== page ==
Storytelling is a collaborative, social learning practice that strengthens family and cultural ties while also providing a context for information to be carried forward to future generations.
These family stories and shared experiences (folklore, food traditions, and oral histories) are a mirror of where we have been and shape where we are going as families, society, and individuals.
By telling the WE story, an individual becomes a conduit for this new inclusive entity, wearing its eyes and ears, feeling its heart, thinking its thoughts..."
In New York City five students participating in the youth programs at the Tribeca Film Institute have created short films showing how the recession has impacted their parents, friends and sharing how the recession has affected their own lives.
The recession has has affected all of these students in different ways. For some of these kids it means forgoing camp this summer and instead getting a job to help support the family. For others it means reconsider attending the prom and thinking hard about whether the experience is worth the expense.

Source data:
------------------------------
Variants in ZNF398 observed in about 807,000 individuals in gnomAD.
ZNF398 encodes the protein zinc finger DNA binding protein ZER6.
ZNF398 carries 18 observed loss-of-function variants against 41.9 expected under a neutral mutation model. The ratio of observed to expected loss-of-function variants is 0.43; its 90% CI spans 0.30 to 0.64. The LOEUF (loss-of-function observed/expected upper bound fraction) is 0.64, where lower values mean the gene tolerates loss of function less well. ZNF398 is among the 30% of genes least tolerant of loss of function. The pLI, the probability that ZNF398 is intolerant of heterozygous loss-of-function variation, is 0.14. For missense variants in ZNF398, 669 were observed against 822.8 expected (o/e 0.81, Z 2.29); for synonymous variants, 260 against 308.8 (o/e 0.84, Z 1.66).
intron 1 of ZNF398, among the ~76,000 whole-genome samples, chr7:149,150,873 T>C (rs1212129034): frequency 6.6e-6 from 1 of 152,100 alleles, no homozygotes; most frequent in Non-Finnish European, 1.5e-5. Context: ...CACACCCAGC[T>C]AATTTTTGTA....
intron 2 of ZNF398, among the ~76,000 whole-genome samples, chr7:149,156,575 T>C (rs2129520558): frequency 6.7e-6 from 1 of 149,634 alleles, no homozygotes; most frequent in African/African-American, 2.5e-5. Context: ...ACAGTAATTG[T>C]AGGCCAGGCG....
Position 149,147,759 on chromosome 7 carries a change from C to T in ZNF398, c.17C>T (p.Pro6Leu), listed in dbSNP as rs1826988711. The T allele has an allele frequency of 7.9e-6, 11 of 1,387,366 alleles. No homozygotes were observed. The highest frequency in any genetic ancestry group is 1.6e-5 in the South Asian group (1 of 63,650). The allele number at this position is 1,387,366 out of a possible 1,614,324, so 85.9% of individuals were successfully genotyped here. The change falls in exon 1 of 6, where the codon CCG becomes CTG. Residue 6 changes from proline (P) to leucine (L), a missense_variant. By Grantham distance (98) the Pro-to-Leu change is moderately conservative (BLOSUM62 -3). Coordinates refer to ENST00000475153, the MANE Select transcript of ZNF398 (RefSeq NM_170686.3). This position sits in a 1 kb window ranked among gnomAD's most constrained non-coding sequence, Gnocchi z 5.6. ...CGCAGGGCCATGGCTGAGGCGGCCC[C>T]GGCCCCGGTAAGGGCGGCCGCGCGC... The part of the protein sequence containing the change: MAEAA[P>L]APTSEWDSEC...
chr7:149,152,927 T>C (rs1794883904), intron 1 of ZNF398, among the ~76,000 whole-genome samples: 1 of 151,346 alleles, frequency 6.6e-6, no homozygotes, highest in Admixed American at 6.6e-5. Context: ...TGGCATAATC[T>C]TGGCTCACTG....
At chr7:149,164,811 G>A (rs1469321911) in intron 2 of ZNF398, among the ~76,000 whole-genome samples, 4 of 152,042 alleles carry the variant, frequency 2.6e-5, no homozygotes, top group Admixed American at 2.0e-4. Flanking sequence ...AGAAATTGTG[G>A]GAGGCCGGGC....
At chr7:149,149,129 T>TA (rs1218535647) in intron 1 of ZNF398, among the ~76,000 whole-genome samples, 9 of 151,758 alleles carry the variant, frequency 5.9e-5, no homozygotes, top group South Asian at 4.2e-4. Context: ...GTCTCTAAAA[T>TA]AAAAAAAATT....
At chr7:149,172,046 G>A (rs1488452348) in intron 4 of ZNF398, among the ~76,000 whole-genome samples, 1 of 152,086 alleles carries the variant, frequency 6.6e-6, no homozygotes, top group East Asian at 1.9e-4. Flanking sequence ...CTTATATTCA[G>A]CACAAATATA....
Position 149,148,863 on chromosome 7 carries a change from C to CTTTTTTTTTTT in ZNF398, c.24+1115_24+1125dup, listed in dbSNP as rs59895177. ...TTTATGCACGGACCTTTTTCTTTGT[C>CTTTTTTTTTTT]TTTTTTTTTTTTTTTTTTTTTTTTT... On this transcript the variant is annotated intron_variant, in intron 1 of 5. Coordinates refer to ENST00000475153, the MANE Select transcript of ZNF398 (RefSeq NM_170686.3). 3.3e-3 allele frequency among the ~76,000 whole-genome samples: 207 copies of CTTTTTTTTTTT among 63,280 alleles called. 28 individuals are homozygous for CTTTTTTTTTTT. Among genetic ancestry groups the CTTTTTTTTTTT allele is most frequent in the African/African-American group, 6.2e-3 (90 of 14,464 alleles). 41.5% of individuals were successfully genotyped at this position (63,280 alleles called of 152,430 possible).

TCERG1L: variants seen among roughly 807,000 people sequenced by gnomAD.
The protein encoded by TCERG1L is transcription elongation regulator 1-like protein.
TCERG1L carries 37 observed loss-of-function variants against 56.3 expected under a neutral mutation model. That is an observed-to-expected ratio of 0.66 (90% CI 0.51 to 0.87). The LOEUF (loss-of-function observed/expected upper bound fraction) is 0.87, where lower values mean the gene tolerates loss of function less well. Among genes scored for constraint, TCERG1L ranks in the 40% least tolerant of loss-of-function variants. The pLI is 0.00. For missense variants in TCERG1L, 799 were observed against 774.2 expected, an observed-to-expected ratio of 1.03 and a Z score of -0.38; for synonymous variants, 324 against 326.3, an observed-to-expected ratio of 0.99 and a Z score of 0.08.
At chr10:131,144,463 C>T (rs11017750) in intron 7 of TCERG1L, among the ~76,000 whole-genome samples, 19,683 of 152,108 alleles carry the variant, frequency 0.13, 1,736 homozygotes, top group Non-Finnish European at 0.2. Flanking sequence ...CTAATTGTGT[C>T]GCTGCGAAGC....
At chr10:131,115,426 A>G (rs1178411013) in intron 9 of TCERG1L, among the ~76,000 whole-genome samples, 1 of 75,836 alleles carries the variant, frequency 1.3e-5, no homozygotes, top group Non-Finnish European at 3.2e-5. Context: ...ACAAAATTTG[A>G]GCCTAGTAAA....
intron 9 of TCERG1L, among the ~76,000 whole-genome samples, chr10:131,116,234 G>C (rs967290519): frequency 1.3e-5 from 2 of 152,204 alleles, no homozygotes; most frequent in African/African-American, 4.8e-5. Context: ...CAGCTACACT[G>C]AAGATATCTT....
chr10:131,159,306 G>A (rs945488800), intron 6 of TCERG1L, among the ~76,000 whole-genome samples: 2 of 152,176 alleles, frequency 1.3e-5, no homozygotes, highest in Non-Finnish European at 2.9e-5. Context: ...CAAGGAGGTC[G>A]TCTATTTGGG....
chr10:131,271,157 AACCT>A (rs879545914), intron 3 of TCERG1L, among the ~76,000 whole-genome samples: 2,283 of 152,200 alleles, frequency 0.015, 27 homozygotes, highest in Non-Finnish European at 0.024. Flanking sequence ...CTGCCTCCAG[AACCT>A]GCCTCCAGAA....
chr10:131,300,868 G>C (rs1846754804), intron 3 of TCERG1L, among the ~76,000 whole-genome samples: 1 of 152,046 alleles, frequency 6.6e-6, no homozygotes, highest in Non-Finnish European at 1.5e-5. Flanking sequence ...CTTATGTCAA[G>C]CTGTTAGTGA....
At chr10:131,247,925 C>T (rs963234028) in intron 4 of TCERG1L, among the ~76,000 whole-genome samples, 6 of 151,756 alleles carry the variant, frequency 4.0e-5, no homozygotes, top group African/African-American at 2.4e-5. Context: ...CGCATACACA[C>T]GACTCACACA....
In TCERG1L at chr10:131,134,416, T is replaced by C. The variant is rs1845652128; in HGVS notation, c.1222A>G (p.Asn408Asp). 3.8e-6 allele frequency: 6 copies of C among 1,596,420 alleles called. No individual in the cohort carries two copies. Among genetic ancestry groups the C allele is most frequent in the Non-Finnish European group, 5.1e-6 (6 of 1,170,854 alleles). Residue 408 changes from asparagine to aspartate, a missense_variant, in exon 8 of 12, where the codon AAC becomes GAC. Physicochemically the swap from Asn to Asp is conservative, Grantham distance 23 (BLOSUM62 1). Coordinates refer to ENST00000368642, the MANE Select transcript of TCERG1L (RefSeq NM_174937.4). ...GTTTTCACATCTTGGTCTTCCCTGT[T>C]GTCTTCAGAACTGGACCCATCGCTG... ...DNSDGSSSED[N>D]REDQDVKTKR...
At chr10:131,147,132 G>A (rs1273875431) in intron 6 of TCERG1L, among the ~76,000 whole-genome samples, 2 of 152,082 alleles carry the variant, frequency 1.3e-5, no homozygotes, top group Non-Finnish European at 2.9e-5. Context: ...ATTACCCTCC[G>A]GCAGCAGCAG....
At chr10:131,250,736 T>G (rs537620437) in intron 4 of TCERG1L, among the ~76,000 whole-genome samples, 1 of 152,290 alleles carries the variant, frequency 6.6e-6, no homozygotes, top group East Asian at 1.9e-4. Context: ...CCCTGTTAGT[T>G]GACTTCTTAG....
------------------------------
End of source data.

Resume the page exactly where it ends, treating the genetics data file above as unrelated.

And when it comes to college, the cost of application fees alone are forcing many students to cut colleges from their list and looking at working for a year or attending community college.
One of the students talks about the shift of attitudes when it comes to discussing money. Last year her friends would never admit that they couldn't afford to participate in an activity.
Now that more kids are opening up and sharing their own stories about the recession, they feel more comfortable opting out of activities and just stating up front that they can't afford to participate. Most importantly the conversations about money that were once avoided between parent and child are now open for discussion.
Filmmaking is a valuable learning technology and storytelling vehicle that allows students to combine their love of technology with storytelling to explore difficult subjects as well as provide avenues for them to share their own points of view.
Moreover, through the process of telling the "we story" they are able to amplify their voice within their respective communities and become "a conduit for this new inclusive entity, wearing its eyes and ears, feeling its heart, thinking its thoughts (Zander).